If an Arkansas state senator, Joyce Elliott seeking a U.S. congressional seat is elected in November, she will be the first Black lawmaker in Congress from Arkansas, ever.
On the campaign trail in June, Elliott attended a demonstration against racism in White County, which is more than 90% white, and spoke to attendees in the shadow of a Confederate monument.
The November election is a “chance to change our history,” she told Reuters afterward. “I really decided I needed to run because I could see a pathway to winning.”
Elliott is one of at least 122 Black or multi-racial Black women who filed to run for congressional seats in this year’s election; this figure has increased steadily since 2012, when it was 48, according to the Center for American Women and Politics (CAWP).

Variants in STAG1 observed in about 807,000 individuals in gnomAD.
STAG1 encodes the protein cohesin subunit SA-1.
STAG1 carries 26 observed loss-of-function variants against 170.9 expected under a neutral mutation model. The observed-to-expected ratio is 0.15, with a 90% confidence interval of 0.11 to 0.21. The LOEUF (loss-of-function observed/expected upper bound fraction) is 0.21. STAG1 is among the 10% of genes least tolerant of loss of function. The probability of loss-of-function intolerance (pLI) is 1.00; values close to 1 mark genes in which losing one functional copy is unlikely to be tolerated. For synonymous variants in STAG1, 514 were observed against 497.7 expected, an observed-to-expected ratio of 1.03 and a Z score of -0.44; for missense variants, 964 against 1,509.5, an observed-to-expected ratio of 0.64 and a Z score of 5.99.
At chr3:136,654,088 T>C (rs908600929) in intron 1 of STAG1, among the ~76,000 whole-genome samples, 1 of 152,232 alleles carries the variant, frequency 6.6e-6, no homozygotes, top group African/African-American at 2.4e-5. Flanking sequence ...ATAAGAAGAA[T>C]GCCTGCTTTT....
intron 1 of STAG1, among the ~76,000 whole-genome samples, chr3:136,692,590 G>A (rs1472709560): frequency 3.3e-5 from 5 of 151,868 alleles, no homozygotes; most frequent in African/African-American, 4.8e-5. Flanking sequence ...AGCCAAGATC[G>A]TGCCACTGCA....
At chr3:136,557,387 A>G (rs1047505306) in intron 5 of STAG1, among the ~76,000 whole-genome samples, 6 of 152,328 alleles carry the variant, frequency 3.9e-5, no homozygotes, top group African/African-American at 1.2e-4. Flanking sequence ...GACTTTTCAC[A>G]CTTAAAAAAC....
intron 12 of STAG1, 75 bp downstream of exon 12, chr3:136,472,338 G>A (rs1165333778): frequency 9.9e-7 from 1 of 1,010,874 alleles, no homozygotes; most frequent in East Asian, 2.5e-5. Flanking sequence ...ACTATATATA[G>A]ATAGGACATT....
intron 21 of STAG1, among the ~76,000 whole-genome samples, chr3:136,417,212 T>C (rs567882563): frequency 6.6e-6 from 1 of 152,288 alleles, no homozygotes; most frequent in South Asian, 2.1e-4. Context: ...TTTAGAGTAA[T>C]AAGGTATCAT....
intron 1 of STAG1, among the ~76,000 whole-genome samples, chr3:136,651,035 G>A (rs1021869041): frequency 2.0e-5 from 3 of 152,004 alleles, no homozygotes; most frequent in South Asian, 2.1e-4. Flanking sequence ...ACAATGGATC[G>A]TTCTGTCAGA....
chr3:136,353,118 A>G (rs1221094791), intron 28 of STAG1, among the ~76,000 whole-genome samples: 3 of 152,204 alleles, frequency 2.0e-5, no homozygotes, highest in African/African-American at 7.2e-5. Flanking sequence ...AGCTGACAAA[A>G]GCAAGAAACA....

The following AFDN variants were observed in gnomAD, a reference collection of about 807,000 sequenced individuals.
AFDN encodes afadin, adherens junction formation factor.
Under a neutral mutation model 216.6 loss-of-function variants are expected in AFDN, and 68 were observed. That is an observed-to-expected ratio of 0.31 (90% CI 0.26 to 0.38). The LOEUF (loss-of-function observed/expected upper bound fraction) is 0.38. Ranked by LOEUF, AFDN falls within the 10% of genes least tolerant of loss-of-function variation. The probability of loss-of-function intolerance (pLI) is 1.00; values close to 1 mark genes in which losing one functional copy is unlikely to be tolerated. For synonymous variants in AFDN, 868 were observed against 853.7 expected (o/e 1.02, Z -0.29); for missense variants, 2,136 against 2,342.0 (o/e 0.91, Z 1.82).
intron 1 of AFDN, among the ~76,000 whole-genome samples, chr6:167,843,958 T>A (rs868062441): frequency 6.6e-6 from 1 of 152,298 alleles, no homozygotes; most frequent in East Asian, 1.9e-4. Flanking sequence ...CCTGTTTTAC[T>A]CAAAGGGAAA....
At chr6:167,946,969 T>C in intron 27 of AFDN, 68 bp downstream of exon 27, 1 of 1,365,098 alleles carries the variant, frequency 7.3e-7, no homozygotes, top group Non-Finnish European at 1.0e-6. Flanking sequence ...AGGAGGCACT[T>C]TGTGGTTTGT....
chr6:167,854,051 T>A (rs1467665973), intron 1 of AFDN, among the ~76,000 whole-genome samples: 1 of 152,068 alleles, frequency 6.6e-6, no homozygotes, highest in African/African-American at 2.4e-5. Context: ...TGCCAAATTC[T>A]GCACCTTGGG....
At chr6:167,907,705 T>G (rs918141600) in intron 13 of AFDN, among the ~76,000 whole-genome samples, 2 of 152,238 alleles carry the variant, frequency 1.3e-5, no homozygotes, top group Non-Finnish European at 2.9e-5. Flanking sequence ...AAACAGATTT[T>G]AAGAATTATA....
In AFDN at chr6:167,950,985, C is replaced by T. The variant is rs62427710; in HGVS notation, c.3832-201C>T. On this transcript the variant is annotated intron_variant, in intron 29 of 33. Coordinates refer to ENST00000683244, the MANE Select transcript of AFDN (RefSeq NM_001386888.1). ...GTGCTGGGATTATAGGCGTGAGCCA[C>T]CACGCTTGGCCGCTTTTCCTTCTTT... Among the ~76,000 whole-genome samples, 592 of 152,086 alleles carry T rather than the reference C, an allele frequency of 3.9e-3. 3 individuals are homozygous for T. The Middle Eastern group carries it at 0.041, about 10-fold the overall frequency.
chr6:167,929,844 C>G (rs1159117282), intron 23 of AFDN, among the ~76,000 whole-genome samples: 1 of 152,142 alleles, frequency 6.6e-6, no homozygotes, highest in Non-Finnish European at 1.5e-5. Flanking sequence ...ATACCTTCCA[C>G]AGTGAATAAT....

Black women are nearly 8% of the U.S. population, but 4.3% of Congress, according to a report by the Center of Women and Politics and Higher Heights for America, a political action committee that seeks to elect more progressive Black women to elected office.